Crafts of Andhra Pradesh

 

 

Buying pearls, however, is not that simple. To find out whether the gems are real, they should be rubbed gently against the edge of one's teeth. A grainy, rough sensation indicates the pearls are genuine while fakes would feel smooth and glassy. Pearls should also be checked for their color and luster in daylight or several pearls should be compared under the same available light. The sheen of the nacreous layers is the essence of the gem. The thicker the layers, the deeper and mellower will be the iridescence and the air of dignity.

Colored pearls are rare. They come in yellow, pink, silver, and blue tints. The so-called 'Black Pearls' are only dark gray in reality. They are too scarce and most expensive, being cultivated only in Okinawa, Japan, within the rare Black Butterfly oysters. Often inferior pearls are colored chemically to fetch better prices but the hues are not permanent. Other than its radiance, a pearl is priced according to its shape and size. Large, round, and shiny pearls are the costliest. For a necklace, it would be economical and attractive to select round, radiant pearls of gradually increasing size keeping the largest one in the center of the string. The half-sphere 'button' pearls and the 'tear drops' are suitable for pendants, earnings, brooches, and buttons. The tapered 'rice' pearls and the tiny 'flower' pearls of uneven shape look very appealing when strung in several strands or cluster.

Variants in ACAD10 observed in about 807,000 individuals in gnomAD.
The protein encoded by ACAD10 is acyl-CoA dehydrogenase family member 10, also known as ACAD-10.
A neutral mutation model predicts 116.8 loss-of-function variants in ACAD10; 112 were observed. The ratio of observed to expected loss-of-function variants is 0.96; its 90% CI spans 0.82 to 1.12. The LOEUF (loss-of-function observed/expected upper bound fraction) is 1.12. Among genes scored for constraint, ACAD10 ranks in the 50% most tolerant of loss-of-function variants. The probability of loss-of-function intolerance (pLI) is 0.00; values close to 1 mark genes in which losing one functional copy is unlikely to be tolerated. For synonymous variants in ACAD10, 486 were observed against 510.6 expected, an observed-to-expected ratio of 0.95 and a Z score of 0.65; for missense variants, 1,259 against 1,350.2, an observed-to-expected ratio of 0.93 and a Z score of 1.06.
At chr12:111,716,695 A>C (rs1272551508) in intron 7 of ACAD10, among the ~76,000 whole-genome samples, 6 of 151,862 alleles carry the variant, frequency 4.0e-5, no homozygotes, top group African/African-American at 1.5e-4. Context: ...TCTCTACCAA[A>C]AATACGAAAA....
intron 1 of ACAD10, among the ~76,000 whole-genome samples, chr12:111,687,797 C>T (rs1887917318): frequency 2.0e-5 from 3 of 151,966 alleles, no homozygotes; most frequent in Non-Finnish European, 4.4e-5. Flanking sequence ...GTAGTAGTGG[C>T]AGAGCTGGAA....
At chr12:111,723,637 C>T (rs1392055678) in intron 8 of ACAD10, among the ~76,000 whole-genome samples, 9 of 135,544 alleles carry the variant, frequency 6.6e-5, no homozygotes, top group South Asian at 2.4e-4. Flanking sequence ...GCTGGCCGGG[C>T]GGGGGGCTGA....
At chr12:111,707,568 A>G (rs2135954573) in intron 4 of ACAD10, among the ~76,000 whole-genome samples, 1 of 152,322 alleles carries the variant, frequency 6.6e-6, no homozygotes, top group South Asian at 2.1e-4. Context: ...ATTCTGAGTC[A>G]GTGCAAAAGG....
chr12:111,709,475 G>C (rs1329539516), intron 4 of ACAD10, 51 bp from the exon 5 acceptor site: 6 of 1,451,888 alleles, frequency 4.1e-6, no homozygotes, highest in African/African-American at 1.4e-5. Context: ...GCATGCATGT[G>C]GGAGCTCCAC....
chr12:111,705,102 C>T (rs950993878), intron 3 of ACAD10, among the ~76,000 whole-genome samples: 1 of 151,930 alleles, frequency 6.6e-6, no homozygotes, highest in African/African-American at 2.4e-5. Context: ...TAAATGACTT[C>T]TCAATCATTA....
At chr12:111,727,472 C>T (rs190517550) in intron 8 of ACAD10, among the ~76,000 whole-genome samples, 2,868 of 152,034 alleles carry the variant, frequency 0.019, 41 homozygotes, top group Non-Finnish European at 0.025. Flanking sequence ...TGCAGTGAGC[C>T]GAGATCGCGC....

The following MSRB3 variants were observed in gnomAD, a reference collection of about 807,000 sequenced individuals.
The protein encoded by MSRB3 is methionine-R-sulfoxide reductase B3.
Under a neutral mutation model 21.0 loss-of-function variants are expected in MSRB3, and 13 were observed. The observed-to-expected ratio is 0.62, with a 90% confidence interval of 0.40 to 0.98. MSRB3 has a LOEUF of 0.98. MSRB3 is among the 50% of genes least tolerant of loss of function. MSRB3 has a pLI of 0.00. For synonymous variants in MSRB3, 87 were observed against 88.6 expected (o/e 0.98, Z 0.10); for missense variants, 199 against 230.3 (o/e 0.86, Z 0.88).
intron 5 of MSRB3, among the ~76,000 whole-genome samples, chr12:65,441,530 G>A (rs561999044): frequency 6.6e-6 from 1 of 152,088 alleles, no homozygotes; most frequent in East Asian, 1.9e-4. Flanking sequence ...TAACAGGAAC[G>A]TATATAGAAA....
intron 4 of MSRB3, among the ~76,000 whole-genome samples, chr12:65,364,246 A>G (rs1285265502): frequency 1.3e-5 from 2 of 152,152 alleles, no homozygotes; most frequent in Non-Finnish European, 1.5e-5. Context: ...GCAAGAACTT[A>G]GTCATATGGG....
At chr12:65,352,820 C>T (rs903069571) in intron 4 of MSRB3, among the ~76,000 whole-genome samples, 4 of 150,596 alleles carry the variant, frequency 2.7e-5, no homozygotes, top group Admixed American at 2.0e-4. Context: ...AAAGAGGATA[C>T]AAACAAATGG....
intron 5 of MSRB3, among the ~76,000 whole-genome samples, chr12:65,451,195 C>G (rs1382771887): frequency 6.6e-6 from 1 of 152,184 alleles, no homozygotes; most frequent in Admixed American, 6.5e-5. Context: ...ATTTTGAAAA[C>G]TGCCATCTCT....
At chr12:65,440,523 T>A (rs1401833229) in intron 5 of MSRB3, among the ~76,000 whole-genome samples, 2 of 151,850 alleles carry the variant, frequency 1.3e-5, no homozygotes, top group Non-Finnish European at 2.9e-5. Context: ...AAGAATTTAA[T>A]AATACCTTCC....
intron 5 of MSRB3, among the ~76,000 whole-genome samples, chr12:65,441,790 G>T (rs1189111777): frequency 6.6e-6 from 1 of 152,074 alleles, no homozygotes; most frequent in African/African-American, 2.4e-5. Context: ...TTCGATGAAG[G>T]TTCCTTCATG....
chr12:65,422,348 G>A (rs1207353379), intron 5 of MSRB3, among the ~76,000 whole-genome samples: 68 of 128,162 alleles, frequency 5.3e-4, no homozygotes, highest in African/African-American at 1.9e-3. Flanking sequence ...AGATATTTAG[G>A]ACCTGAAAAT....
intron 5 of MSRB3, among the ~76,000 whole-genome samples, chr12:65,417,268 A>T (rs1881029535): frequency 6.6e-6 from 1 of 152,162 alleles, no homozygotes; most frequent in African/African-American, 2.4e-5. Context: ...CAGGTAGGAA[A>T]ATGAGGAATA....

Bidriware

Of the many high profile crafts of the Deccan, bidriware is perhaps one of the most popular. The very name suggests their origin at Bidar-a district of the Bahmani kingdom founded in the 14th century. Sultans of the Bahmani dynasty ruled over a large part of Central and South India for nearly 400 years. They were great patrons of art and were instrumental in synthesizing Mughal and Iranian culture. The technique of bidri came to India from Iran (Persia) in the 14th century. Captivated with the exquisite beauty of bidriware, Sultan Ahmad Shah Wali (1422-1436) brought from Iran the master artisan, Abdullah-bin-Kaiser along with several other craftsmen. They were entrusted with the delicate job of furnishing and decorating the royal palaces and havelis. Abdulah's superb mastery over his art highly impressed the Sultan and he established a training centre for bidriware under the supervision of this great artist. Thereafter several other talented craftsmen further developed the art, which soon permeated from the royal enclosures to other aristocratic homes.

The Nizam of Hyderabad also took keen interest in the craft. Under his patronage the art reached is zenith and the city of Hyderabad and its surroundings areas became an important center for bidriware. When the States under the Indian Union were reorganized in 1956, the district of Bidar was split with its major portion going to Karnataka. However, the art and craft of bidri making continued to prosper in and around Hyderabad.